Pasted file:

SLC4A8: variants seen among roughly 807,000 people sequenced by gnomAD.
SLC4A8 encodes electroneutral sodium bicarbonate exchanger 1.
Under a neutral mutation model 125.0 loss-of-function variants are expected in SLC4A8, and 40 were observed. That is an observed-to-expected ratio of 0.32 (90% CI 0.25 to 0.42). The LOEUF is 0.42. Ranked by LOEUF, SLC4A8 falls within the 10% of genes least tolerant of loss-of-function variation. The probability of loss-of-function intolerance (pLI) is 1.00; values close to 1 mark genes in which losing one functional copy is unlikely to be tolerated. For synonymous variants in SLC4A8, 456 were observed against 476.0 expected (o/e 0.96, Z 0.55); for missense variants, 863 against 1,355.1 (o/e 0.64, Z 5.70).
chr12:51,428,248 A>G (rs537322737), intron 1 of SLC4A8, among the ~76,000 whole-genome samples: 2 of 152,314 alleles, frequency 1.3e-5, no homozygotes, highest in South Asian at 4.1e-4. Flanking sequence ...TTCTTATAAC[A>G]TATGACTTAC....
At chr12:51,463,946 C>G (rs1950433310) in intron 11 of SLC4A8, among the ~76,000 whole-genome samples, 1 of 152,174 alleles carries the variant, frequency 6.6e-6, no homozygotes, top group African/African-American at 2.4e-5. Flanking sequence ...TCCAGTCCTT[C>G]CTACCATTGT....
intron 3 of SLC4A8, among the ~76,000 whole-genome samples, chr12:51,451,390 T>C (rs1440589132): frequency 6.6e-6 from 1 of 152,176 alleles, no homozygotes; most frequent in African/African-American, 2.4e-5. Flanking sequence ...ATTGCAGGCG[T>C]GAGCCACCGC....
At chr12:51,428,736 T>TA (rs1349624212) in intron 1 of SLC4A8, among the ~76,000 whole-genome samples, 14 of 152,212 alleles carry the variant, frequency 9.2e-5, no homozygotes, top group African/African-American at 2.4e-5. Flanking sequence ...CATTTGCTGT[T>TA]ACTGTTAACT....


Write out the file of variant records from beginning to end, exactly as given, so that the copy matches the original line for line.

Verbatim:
SLC4A8: variants seen among roughly 807,000 people sequenced by gnomAD.
SLC4A8 encodes electroneutral sodium bicarbonate exchanger 1.
Under a neutral mutation model 125.0 loss-of-function variants are expected in SLC4A8, and 40 were observed. That is an observed-to-expected ratio of 0.32 (90% CI 0.25 to 0.42). The LOEUF is 0.42. Ranked by LOEUF, SLC4A8 falls within the 10% of genes least tolerant of loss-of-function variation. The probability of loss-of-function intolerance (pLI) is 1.00; values close to 1 mark genes in which losing one functional copy is unlikely to be tolerated. For synonymous variants in SLC4A8, 456 were observed against 476.0 expected (o/e 0.96, Z 0.55); for missense variants, 863 against 1,355.1 (o/e 0.64, Z 5.70).
chr12:51,428,248 A>G (rs537322737), intron 1 of SLC4A8, among the ~76,000 whole-genome samples: 2 of 152,314 alleles, frequency 1.3e-5, no homozygotes, highest in South Asian at 4.1e-4. Flanking sequence ...TTCTTATAAC[A>G]TATGACTTAC....
At chr12:51,463,946 C>G (rs1950433310) in intron 11 of SLC4A8, among the ~76,000 whole-genome samples, 1 of 152,174 alleles carries the variant, frequency 6.6e-6, no homozygotes, top group African/African-American at 2.4e-5. Flanking sequence ...TCCAGTCCTT[C>G]CTACCATTGT....
intron 3 of SLC4A8, among the ~76,000 whole-genome samples, chr12:51,451,390 T>C (rs1440589132): frequency 6.6e-6 from 1 of 152,176 alleles, no homozygotes; most frequent in African/African-American, 2.4e-5. Flanking sequence ...ATTGCAGGCG[T>C]GAGCCACCGC....
At chr12:51,428,736 T>TA (rs1349624212) in intron 1 of SLC4A8, among the ~76,000 whole-genome samples, 14 of 152,212 alleles carry the variant, frequency 9.2e-5, no homozygotes, top group African/African-American at 2.4e-5. Flanking sequence ...CATTTGCTGT[T>TA]ACTGTTAACT....